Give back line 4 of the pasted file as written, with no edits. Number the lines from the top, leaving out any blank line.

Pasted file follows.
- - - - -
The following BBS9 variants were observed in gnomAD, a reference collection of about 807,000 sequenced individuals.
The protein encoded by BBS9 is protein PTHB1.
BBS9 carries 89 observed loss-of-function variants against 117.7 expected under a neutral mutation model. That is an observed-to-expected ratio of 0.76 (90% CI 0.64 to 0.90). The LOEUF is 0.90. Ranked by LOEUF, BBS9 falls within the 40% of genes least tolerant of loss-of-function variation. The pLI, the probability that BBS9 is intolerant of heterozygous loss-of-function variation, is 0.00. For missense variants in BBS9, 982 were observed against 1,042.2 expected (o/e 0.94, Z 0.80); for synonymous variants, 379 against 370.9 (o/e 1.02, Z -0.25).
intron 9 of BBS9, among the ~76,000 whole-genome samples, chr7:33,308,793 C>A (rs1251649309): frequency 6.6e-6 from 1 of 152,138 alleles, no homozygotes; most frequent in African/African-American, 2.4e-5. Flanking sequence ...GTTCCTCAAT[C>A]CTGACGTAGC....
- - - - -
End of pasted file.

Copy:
intron 9 of BBS9, among the ~76,000 whole-genome samples, chr7:33,308,793 C>A (rs1251649309): frequency 6.6e-6 from 1 of 152,138 alleles, no homozygotes; most frequent in African/African-American, 2.4e-5. Flanking sequence ...GTTCCTCAAT[C>A]CTGACGTAGC....